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J Trauma Inj > Volume 31(3); 2018 > Article
Kim: Heterotopic Ossification in the Abdominal Wall after Exploratory Laparotomy

Abstract

Heterotopic bone formation in abdominal incisions is a recognized but uncommon sequela of abdominal surgery. On the other hand, the formation of ectopic bone is a well-recognized complication following arthroplasty of the hip. Heterotopic ossification of midline abdominal incision scars is a subtype of myositis ossificans traumatica. Ectopic bone formation of midline abdominal incisions may cause regional pain or discomfort in the patient after surgery. If symptomatic, treatment is complete excision with primary closure. Radiologically, it is important to distinguish this benign entity from postoperative complications. We report a 69-year-old male who underwent exploratory laparotomy for traumatic small bowel perforation. A segment of abnormal hard tissue was found in the abdominal wall. Heterotopic ossification may occur at various sites and is a recognized but infrequent sequela of exploratory laparotomy. This case high-lights clinical and etiological features of this finding.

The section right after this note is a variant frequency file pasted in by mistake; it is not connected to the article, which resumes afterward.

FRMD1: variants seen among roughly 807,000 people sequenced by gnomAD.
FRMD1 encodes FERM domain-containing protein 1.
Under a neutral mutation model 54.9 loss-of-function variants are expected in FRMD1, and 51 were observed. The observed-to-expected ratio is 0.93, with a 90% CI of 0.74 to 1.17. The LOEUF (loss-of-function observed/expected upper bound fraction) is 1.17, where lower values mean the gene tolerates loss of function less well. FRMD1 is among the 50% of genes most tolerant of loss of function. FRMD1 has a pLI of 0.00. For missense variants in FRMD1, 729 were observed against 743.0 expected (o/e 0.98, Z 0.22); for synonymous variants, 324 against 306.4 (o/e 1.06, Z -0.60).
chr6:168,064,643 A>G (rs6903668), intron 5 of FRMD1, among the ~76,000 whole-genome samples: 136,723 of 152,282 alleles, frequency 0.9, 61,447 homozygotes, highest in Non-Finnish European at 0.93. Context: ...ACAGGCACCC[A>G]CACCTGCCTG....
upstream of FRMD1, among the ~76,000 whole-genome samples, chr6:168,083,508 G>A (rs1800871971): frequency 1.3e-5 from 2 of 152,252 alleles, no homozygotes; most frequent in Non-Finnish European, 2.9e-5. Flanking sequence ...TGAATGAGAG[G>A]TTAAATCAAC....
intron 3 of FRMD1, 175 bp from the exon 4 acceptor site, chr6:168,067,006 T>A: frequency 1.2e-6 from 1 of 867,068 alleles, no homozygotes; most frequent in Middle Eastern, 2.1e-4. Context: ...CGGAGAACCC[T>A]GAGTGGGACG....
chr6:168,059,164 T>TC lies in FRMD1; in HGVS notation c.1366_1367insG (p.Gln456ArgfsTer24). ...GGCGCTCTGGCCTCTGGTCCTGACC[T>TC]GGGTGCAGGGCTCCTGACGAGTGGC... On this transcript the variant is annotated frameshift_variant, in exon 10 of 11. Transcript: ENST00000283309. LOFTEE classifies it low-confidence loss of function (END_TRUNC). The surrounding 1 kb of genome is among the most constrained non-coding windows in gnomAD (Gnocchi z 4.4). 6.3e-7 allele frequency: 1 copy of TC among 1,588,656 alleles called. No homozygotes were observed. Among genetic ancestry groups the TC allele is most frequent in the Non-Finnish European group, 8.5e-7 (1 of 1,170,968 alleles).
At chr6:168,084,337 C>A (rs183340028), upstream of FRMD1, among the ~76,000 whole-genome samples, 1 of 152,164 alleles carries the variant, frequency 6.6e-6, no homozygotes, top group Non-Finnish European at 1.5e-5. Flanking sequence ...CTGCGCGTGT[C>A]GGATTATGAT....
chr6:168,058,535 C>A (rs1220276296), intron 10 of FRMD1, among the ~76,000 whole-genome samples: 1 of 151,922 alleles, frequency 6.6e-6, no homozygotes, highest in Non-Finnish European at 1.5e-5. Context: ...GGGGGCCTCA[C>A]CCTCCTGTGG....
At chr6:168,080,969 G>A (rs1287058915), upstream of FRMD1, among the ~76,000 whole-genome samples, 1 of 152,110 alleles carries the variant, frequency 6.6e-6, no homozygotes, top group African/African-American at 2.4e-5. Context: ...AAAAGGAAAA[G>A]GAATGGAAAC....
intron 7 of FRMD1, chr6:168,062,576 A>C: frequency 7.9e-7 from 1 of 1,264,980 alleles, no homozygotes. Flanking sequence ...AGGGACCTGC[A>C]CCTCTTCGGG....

INTRODUCTION

Heterotopic ossification (HO) refers to the formation of mature lamellar bone at extra-skeletal sites. HO occurs when bone develops in tissues which usually don’t under-go ossification. HO in the abdominal wall, also known as myositis ossificans traumatica, is a rare and benign form of ossification, usually related with previous abdominal surgery or trauma [1].
Since HO was first reported in 1901 by Askanazy and Lubarsh [2], the literature is largely limited to case reports. HO is considered an uncommon complication following abdominal surgery. However, its true incidence remains unknown given the scarcity of published reports. The pathogenesis remains incompletely understood. A combination of local injury and systemic stress is thought to create a pro-inflammatory environment, which stimulates heterotopic bone formation [3]. Herein, we report a case of heterotopic ossification in the abdominal wall caused by the exploratory laparotomy with a brief review of the literature.

CASE REPORT